Directed by Bryn Boice, SpeakEasy Stage Company opened their new season with Adam Rapp’s Tony-nominated play The Sound Inside continuing at the Calderwood Pavilion at the Boston Center for the Arts in Boston through Saturday, October 16. Presented for the first time in Boston, The Sound Inside contains mature themes and some difficult topics. It is 90 minutes without an intermission. Click here for more information and for tickets.
Much of The Sound Inside is about hope. It’s about looking for hope when the light is dim and the quest for finding hope is rarely a comfortable journey.
Cristina Todesco’s minimal set does well creating depth and dimension, but does not take away from the primary focus of this character driven study. Devorah Kengmana’s lighting lends to each character’s loneliness as shadows are created at pivotal moments.
Jennifer Rohn as prominent Yale professor Bella Baird unleashes a no holds barred look into her psyche. She is an avid reader which seems to help her escape past trauma and the crisis she is currently facing. Her keen intellect is immediately obvious and she is unfiltered, blatantly unfettered, and undeterred as she shares her life up to this point. Rohn is as captivating a storyteller as she is in exhibiting Baird’s loneliness.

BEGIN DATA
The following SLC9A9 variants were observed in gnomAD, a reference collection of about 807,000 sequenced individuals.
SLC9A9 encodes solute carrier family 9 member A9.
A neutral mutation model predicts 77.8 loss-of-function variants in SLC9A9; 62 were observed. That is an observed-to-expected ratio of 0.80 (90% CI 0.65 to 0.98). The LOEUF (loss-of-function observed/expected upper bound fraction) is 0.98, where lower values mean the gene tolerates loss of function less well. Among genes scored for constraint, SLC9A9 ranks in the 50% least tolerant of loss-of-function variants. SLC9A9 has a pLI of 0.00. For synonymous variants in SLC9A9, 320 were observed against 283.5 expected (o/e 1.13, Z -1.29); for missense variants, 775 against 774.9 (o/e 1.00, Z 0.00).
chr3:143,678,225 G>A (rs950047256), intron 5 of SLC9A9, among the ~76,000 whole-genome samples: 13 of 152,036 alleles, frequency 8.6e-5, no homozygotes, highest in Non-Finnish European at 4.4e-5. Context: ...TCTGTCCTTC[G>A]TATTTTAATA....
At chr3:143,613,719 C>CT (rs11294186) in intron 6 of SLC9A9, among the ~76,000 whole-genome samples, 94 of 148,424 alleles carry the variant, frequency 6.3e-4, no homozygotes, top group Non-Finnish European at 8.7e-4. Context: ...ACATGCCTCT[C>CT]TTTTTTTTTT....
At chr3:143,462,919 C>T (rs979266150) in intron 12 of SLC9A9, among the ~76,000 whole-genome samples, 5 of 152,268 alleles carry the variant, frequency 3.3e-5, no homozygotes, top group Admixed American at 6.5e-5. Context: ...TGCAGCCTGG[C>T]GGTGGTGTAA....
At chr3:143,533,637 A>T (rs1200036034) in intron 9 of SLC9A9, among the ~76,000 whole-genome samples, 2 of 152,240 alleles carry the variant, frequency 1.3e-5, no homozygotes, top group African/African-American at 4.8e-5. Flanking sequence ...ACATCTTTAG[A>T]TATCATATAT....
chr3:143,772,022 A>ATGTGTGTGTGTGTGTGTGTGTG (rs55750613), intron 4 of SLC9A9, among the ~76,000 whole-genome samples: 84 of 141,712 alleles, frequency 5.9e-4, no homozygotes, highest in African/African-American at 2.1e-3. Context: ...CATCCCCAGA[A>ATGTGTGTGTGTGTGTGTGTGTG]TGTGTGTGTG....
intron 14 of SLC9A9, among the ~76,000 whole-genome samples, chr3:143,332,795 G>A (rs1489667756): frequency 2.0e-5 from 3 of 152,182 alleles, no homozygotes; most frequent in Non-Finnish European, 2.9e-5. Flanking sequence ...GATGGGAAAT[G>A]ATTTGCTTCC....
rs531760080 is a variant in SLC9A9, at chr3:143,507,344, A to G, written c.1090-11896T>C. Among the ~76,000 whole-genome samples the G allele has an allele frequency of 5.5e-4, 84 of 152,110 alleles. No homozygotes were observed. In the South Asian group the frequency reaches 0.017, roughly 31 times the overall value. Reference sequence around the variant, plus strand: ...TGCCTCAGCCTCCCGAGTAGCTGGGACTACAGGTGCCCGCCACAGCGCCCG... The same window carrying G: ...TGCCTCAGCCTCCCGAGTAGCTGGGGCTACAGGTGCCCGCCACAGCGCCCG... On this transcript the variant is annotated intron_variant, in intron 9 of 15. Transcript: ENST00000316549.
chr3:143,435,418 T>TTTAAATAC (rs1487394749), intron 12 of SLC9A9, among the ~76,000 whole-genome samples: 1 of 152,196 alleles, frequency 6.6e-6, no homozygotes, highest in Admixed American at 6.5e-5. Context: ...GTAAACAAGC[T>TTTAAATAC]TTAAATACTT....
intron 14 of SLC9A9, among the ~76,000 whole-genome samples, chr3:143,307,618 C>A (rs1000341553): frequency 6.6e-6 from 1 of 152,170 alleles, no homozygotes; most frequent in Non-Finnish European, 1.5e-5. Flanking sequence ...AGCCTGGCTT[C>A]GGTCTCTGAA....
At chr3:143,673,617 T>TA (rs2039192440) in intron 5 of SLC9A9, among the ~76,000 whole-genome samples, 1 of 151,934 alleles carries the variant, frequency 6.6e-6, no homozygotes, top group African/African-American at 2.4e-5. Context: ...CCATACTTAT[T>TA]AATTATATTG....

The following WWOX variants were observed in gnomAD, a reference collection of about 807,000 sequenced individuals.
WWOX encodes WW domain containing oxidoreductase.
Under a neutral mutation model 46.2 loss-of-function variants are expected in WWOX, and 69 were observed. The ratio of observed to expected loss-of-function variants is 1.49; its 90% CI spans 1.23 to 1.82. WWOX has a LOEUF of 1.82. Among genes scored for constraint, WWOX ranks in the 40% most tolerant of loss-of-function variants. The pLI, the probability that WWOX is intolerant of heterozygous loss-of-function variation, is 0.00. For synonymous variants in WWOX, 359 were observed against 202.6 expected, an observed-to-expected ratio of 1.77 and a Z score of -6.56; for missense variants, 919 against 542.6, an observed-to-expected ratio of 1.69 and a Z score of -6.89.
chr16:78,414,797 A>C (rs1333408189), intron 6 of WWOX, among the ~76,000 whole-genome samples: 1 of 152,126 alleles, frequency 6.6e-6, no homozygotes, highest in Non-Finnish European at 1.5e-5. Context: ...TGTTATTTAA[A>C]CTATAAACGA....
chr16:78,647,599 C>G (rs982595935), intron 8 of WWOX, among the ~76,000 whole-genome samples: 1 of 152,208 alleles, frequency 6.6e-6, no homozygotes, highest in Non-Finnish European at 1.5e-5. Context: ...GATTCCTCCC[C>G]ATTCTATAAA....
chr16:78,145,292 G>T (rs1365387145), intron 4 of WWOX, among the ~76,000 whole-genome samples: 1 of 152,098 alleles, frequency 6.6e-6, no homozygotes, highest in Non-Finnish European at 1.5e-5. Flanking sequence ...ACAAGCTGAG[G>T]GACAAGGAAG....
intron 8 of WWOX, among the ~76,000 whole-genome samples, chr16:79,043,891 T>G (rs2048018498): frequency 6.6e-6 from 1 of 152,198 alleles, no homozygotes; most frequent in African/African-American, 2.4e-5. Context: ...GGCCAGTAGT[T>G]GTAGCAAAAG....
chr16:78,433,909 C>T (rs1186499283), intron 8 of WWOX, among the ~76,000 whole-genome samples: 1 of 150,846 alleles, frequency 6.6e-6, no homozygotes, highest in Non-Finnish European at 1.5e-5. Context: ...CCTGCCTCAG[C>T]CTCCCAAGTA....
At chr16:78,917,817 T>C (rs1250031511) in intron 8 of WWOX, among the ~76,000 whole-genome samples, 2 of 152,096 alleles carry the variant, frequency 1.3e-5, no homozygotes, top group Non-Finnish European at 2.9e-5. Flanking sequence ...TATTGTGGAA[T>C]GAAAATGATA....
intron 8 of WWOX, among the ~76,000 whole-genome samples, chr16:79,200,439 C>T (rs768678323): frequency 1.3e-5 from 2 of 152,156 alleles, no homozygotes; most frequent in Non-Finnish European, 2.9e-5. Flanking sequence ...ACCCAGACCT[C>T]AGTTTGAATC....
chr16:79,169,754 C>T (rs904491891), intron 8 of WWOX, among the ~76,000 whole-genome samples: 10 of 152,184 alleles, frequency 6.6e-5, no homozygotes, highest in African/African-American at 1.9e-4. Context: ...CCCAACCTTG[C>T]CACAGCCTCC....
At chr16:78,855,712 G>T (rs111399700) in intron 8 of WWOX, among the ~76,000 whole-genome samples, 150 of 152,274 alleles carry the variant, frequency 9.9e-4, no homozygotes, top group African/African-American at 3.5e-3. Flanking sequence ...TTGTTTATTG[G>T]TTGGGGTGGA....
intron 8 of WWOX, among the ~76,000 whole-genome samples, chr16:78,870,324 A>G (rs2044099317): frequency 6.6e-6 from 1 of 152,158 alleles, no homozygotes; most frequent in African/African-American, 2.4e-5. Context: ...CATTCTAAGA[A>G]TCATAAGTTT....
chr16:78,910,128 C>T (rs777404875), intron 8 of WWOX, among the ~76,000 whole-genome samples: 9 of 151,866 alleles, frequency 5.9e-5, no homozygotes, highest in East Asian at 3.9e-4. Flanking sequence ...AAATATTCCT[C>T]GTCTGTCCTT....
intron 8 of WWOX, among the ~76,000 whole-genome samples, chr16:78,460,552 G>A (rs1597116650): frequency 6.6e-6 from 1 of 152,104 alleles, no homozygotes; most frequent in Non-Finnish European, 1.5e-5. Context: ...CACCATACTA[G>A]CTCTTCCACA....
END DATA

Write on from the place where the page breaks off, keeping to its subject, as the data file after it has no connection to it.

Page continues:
Set in the fall in New Haven, Connecticut, Baird has a surprising encounter with Christopher Dunn, portrayed with a mix of arrogance, intuitiveness, and inquisitiveness by Nathan Malin, and they share a distinct, intangible connection. With similar dry senses of humor, a shared love of the written word, and a mutual social awkwardness, they understand and encourage each other to live life boldly. However, Rapp’s script is full of detours and twists that don’t always land perfectly, but lead to a tense and incalculable ending. Just when the show seems to tow the line, the tables turn.
SpeakEasy Stage Company presents The Sound Inside at the Calderwood Pavilion in Boston through Sunday, October 16. Click here for more information and tickets. Click here for upcoming events and more at the SpeakEasy Stage Company.
It’s hard to miss the message behind TJ Loves Sally 4 Ever, a bold, semi-interactive satire that takes a deep dive into prominent social issues such as racism and sexual harassment by putting a contemporary spin into troubling pieces of history. Taking cues from Dear White People, TJ and Sally 4 Ever is anything but a love story and highlights the frustration evident within each of its characters as they attempt to convey their own point of view.